KL – Actual Results


The actual results of the Nazi KL program (in terms of functional value for the Third Reich) were mixed at best. The obvious (and very tangible) positive result was that the Nazis eliminated all political obstacles to their grandiose project of a radical engineering of Germany.

Which was more than successfully accomplished by the end of 1938. As was “reprogramming” of political opponents into a firm and committed supporters of the Nazi regime.

However, the way the Nazis eliminated these obstacles can be classified only as “overkill” (often in a very literal sense). Hitler’s appointment to the position of Chancellor, the Reichstag Fire Decree (and the fire itself) and, finally, the Enabling Act (passed by the German Parliament in a very much legal way) delivered three crushing blows to the opposition (made even more crushing by ruthless destruction of the opposition’s infrastructure by the Nazis).

So crushing, in fact, that after these blows the political opposition ceased to become a credible threat (i.e. obstacle) to the Nazi plans of a radical political, economic, military, social and cultural reengineering of Germany.

Hence, there was no need to send so many political opponents (active and potential) of the Nazi regime to internment camps or treat them so brutally (let alone murder any of them).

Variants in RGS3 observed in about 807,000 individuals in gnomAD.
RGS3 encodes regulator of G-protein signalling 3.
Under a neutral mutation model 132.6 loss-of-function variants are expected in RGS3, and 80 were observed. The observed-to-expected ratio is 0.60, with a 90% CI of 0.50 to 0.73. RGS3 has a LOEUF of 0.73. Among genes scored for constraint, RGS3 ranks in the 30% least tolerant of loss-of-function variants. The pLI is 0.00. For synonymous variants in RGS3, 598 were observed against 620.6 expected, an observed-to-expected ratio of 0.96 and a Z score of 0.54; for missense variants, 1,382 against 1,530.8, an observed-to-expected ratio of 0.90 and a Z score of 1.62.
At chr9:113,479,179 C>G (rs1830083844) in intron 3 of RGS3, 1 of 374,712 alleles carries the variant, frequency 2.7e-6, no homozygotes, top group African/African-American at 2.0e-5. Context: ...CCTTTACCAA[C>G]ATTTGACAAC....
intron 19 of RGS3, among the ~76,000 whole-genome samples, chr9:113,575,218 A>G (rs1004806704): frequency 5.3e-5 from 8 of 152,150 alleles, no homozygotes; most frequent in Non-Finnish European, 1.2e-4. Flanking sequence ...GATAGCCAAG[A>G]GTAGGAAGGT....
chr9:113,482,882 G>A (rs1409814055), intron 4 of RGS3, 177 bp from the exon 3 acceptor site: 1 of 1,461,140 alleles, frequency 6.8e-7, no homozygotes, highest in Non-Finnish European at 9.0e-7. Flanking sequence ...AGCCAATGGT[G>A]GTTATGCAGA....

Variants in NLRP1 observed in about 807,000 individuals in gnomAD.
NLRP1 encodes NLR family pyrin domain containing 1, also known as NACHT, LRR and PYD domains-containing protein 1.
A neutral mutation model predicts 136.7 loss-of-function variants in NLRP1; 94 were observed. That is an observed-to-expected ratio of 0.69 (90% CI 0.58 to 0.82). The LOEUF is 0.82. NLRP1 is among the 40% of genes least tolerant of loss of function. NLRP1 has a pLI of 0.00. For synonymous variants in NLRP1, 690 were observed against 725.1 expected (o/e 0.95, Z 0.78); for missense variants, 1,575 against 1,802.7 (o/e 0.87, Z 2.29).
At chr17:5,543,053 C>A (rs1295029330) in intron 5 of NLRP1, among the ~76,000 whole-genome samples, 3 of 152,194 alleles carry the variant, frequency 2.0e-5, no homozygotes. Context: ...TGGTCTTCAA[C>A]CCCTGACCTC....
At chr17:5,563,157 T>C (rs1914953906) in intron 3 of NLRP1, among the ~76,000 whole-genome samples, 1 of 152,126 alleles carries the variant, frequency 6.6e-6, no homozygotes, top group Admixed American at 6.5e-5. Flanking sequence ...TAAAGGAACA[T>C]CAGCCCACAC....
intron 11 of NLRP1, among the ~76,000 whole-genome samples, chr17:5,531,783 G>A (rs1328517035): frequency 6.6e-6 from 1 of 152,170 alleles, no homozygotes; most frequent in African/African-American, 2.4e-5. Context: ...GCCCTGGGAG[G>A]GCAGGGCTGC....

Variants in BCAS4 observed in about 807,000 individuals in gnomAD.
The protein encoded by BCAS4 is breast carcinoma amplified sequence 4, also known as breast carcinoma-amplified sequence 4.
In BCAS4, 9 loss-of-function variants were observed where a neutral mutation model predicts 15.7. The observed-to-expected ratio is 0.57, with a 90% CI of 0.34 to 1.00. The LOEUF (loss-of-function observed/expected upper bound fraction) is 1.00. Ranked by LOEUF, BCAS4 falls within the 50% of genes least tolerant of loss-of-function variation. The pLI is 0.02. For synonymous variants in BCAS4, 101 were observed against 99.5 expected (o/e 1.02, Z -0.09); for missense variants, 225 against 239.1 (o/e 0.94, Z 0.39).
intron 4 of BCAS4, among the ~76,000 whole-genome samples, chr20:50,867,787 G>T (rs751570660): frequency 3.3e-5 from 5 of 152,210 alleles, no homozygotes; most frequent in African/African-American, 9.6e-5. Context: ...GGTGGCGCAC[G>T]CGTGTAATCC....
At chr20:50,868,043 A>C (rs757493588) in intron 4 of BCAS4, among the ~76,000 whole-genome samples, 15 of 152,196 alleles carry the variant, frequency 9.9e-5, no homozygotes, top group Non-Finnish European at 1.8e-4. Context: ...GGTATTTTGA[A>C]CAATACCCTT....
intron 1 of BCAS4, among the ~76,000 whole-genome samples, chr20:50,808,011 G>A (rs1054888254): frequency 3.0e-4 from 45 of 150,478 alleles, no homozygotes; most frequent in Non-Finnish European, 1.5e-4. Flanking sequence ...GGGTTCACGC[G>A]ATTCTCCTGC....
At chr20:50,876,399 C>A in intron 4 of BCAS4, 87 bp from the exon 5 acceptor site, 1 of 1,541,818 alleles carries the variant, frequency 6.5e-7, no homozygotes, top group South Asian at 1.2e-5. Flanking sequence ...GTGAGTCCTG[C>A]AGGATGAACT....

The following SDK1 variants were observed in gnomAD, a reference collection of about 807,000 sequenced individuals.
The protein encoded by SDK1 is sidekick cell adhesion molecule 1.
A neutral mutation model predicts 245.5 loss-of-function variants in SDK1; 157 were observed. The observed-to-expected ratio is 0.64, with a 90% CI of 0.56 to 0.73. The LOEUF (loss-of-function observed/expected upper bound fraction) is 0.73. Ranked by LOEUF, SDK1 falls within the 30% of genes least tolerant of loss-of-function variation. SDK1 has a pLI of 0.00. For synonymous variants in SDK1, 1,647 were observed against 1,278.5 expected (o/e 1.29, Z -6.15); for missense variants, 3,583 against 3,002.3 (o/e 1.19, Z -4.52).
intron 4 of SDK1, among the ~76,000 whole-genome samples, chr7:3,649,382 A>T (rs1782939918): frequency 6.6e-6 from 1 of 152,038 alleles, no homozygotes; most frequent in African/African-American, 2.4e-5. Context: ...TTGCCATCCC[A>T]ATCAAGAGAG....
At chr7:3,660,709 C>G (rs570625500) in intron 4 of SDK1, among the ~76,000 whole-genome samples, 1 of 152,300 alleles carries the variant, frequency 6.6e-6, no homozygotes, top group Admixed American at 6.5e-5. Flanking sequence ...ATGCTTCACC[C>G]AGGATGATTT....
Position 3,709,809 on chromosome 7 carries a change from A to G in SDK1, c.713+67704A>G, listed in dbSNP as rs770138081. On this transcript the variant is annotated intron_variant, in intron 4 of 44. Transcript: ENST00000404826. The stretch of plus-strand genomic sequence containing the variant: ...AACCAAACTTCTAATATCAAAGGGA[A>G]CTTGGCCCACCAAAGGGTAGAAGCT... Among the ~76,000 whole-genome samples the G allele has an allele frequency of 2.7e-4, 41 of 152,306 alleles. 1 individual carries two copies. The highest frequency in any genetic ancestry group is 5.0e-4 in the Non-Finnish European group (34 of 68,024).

Again, Nazi obsession with violence and brutal force and their (bad) habit of choosing the most radical solution to the problem at hand made them commit heinous (and totally unnecessary) crimes against humanity.

It must also be noted that no matter how they tried (and they tried very hard), the Nazis failed to even weaken (let alone eliminate completely) the internal existential threat to their regime.

For a very simple reason – this threat came from the military which was off-limits to Nazi security services. Which is exactly why these services failed to uncover the plot of the senior officers of the Wehrmacht which led to assassination attempt on July 20th, 1944.

Or the previous plot in September of 1938 when only the miraculously (literally) timely signing of the infamous Munich agreement saved Adolf Hitler from being killed and his Third Reich from being destroyed by the Wehrmacht.